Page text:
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Why is Badminton not Popular in the US? [The Truth]

Image credit: Photo by Brandon Mowinkel on Unsplash -

There are more than 220 million people who play Badminton around the world every single year. Despite that huge player base the interest in competitive Badminton really lacks in the US. You ask people about Badminton and they say “oh yeah, I’ve played that” and then you ask them who their favourite player is and they’re like… “favourite player?”.

So why is Badminton less popular in the US? Badminton’s lack of popularity in the US accounts to; a lack of media coverage, a smaller player base, limited earning potential as an athlete, absence of well known relatable players, rare success in the sport at the top level and cultural history of sports in the US.

We’re just scratching the surface with these points, read on to find out exactly why Badminton just isn’t so popular in the US.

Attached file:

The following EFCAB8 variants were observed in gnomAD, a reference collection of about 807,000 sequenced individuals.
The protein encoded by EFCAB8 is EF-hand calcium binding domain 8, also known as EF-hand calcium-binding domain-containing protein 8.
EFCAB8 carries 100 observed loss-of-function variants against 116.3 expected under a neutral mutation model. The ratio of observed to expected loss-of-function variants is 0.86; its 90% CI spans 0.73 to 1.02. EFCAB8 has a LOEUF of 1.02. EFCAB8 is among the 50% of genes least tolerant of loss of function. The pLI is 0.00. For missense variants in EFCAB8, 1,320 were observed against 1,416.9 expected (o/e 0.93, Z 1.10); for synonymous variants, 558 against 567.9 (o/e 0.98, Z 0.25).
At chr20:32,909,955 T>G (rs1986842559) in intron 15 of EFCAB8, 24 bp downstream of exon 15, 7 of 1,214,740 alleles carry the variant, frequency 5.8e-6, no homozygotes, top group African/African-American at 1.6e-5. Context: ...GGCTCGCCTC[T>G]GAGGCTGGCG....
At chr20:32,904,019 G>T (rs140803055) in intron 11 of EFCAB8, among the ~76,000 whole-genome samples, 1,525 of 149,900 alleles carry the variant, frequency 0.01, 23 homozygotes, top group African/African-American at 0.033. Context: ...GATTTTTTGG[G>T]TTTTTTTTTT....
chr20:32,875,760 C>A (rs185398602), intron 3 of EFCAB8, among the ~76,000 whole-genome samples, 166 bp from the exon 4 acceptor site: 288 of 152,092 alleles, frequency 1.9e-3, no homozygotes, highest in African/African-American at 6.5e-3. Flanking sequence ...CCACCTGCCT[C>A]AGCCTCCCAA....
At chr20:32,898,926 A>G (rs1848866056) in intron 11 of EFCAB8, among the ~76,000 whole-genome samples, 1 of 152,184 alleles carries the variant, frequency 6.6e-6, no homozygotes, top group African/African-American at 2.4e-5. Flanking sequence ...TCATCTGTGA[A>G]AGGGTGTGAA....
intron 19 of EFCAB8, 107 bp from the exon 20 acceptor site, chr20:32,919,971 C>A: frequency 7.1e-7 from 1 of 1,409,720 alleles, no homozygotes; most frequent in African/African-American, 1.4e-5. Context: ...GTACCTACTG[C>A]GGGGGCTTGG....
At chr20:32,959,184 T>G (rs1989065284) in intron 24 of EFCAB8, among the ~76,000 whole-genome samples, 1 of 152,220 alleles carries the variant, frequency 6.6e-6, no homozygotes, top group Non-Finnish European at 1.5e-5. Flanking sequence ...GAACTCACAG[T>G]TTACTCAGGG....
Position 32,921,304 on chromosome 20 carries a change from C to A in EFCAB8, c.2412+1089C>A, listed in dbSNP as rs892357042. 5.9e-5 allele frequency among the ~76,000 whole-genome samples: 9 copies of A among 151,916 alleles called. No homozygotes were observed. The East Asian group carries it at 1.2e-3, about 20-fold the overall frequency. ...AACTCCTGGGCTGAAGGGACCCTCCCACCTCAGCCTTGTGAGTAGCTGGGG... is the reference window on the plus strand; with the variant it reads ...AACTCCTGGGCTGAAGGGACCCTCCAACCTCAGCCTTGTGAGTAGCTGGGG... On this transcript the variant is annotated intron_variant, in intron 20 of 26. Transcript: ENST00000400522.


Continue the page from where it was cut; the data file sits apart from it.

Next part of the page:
Badminton’s perception as a backyard/casual sport

Almost everyone has heard of Badminton and most people have played it at a family event like a BBQ in someone’s back yard. That’s as far as people’s perception of Badminton goes in the US. It’s something fun to play with their family and friends on a sunny day outside.

AirBadminton being played in grass

Now there’s nothing necessarily wrong with that but it means people don’t often get the full experience Badminton can bring. They miss out on the fast-paced rallies, the excitement and fun of mastering new skills and the satisfaction of outwitting your opponent.

They miss out on taking that next step and becoming true fans of the sports. A lot of people will watch sports like Baseball, Basketball and American Football and follow teams and players with fierce dedication, despite not even playing the sport themselves.

People aren’t aware that professional Badminton exists or simply aren’t interested in watching. They don’t know how exhilarating watching professional Badminton is, especially if the player you’re rooting for is in a tight game.

A small player base

USA Badminton state on their website that they currently have over 4,000 active members. They note that more than 1 million people play Badminton frequently in the US. For a country of America’s size that’s very low numbers indeed.